Update: After typing out the recipe I notice that when I made the recipe I glanced up to the recipe above and added the amount and type of sugar called for in the 'basic biscuit' recipe. Oops, this meant I added 3/4 cup of white sugar to the recipe rather than the 1/4 cup brown sugar called for. I will have to try them again now to see what difference it will make. I would expect the brown sugar to make a difference in texture. But.....I will say that after a night in the cookie tin all filled and frosted, I thought these cookies were just perfect. They softened up just enough to not be crumbley when eating them. They were a bit of work, but I will definitely make them again.
Belgium Biscuits

125 g (about 1/2 cup plus 2 Tbsp) butter, softened
1/4 cup brown sugar
1 egg
2 cups flour
1 tsp baking powder
1 tsp cinnamon
1 tsp ground ginger
1 tsp mixed spice
1 tsp cocoa

3/4 to 1 cup icing sugar
1/4 tsp raspberry or vanilla essence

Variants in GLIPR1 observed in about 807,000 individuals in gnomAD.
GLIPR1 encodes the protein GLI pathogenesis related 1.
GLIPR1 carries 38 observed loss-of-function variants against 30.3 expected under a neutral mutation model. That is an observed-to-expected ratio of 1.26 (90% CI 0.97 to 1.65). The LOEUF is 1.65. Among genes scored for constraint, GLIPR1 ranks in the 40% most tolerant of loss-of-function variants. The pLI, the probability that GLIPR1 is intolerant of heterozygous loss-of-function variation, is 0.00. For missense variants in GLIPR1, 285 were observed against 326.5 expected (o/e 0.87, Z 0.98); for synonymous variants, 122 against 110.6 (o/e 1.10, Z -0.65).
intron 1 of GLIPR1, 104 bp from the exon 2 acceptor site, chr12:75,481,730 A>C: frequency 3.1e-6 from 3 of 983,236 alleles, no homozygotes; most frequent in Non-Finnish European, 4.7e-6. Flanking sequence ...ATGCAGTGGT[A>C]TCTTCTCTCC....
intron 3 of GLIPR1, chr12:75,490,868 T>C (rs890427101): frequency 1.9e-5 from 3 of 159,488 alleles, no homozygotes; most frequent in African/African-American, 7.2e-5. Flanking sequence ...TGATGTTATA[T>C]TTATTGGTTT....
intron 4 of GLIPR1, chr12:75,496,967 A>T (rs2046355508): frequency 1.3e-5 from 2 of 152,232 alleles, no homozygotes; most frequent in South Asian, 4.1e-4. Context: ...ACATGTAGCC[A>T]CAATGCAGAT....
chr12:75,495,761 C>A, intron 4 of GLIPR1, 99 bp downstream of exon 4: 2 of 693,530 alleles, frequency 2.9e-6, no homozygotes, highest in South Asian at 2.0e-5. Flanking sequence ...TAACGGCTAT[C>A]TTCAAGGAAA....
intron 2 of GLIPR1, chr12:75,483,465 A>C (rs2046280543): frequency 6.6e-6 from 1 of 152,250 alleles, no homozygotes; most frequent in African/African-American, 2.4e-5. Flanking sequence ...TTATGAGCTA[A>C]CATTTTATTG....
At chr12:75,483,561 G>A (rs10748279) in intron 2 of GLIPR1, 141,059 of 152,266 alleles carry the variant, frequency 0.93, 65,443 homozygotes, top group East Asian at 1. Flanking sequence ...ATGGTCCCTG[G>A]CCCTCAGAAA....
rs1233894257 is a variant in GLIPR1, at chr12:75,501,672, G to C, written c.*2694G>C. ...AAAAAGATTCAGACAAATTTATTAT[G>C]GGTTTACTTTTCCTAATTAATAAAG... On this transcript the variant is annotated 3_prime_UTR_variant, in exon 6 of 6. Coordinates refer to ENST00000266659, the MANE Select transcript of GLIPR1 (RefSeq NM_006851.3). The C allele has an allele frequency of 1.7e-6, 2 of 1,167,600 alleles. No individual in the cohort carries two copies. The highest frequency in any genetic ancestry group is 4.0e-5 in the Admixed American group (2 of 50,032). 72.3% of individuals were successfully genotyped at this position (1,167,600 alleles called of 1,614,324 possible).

a few drops of red food colouring


1/2 cup raspberry jam, approximately

Cream butter and sugar until light and fluffy. Add egg and beat well. Sift flour, baking powder, cinnamon, ginger, mixed spice, and cocoa together. Mix into creamed mixture to make a firm dough. On a lightly floured board roll the dough out to 3 mm thick. Cut out rounds using a 6.5cm cuter. Bake at 180 C (350F) for 15 minutes or until golden. When cold, ice half of the biscuits. Spread the remaining biscuits with raspberry jam and place iced biscuits on top.

Mix icing sugar with flavouring and colouring. Add sufficient water to make a pink icing of spreading consistency.

If you do not have Mixed Spice, but would like to make your own...try this recipe...

Mixed Spice
1 tbsp cinnamon
1 tbsp nutmeg
1 tbsp allspice
2 tsp mace
1 tsp ground cloves

Mix all together and store in a sealed container.

Saturday, March 21, 2009

Thrift Store Refashioning is a Cool Idea!

From my likeable links menu you can see than Grosgrain is one of the places I like to stop by just to see what is new. I really liked this idea......and since I do like to frequent the thrift shops....and I do mean frequently.......I am feeling a little challenged to give a little project like this a go. I think I might need to go .....right now! Click on the link below to have a look at the lovely job she did with the thrifted dress she found and see the 'before' picture. Absolutely least I think so!
Summer of 69 Thrift Store Refashion Frock GIVEAWAY!!!!

Friday, March 20, 2009

Yummy Vegan Fudge Brownies